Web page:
The number of legal challenges to a Trump administration rule over how public schools must use coronavirus relief to help private school students is growing.
On Wednesday, the NAACP and a number of school districts announced that they had filed a lawsuit against the rule, which was issued nearly a month ago from U.S. Secretary of Education Betsy DeVos. And on Monday, Washington state filed its own lawsuit challenging DeVos' rule, which provides districts two choices about how they distribute that aid—the way the two choices are structured essentially incentivizes districts to set aside a share of federal relief to benefit all local private school students.
Both legal challenges to the rule, which covers a part of the CARES Act known as equitable services, come on the heels of a July 7 lawsuit originally filed by five states and the District of Columbia. All three lawsuits are seeking a preliminary injunction to immediately halt DeVos' ability to enforce the rule while the case is considered.
The fight over how much virus aid should go to private school students has underscored years-long divisions in the education community, and deepened political ill-will as the K-12 community has tried to address the coronavirus pandemic.
DeVos and private school advocates have said the virus aid from Congress was meant to benefit all students regardless of what school they attend. But many public education officials, teachers' unions, and others have argued she is disregarding congressional intent in order to satisfy her long-standing preference for private schools over traditional public schools, and to give private schools a lifeline during the pandemic.
Typically, equitable services requires districts to use a portion of their federal education aid provide services like tutoring and technology licenses to disadvantaged students at local private schools. However, when Congress included a requirement for equitable services in the CARES Act—the coronavirus relief package signed into law by President Donald Trump in late March—DeVos subsequently issued guidance that districts must use CARES aid to provide equitable services to all local private school students, not just disadvantaged ones.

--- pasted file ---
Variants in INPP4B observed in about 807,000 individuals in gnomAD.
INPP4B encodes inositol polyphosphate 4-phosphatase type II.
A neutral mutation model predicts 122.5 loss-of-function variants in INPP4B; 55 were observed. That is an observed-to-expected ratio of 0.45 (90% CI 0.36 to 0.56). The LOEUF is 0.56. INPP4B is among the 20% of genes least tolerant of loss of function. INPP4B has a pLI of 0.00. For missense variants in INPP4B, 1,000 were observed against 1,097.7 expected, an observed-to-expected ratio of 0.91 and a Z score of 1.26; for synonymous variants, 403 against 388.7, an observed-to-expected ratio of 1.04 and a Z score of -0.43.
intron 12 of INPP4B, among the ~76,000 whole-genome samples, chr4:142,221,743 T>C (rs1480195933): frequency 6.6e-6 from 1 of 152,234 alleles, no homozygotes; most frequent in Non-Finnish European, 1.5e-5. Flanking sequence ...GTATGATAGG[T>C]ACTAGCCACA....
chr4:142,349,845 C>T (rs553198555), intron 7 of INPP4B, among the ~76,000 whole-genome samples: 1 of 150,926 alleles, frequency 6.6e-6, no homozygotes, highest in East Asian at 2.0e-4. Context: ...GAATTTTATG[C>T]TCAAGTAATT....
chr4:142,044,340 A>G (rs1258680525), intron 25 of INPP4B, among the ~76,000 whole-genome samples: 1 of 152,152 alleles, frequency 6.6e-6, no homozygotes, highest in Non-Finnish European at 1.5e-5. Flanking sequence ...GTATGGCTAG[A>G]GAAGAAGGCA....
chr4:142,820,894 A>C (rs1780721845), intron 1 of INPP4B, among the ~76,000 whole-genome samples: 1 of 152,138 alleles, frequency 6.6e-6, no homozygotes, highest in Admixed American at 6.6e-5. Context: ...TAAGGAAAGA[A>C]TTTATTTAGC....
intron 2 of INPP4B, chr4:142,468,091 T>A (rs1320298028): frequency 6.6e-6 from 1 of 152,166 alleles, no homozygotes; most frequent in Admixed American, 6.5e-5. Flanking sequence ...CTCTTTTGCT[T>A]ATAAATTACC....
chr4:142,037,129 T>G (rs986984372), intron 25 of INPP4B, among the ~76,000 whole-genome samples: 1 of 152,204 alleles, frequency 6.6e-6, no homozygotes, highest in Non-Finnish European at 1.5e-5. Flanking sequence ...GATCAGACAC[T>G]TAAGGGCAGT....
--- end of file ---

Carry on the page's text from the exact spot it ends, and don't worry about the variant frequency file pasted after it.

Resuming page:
After an uproar that lasted nearly two months, DeVos issued an interim final rule in late June that provided districts two options. Those options hinge on whether all schools in a district get CARES aid or just those with large shares of low-income students. If districts share virus aid with only the latter group of schools, they need only provide equitable services to low-income students in local private schools. But if they share it with all schools, including relatively affluent ones, they must share it with all local private school students.
However, other conditions around the rule make it harder for districts to have budgetary flexibility if they only share virus aid with less-affluent schools. Educators have also said the rule and what led up to it has created confusion and unnecessary delay for decisions about how to spend the relief money.
The complaint from the NAACP and several school districts says this rule was clearly designed to coerce districts into sharing virus aid with all their schools. In that way, the lawsuit says, the "greater the share of federal funds that Congress intended to support public education ends up benefitting private schools."
And the complaint from Washington state says of the rule: "It reallocates funds to private schools regardless of need rather than focusing on the intended needs of public schools and low-income students at private schools."
The school districts for Denver, Pasadena, Calif., and Stamford, Conn., joined the NAACP in its Wednesday suit against DeVos and the Education Department. The Chicago Tribune reported Tuesday that the city's school district had joined the multi-state lawsuit filed on July 7, along with other districts and states, including the school boards for Cleveland, New York City, and San Francisco.
Photo: U.S. Secretary of Education Betsy DeVos speaks about the coronavirus pandemic and school closures at a White House briefing March 27, 2020. --AP Photo/Alex Brandon
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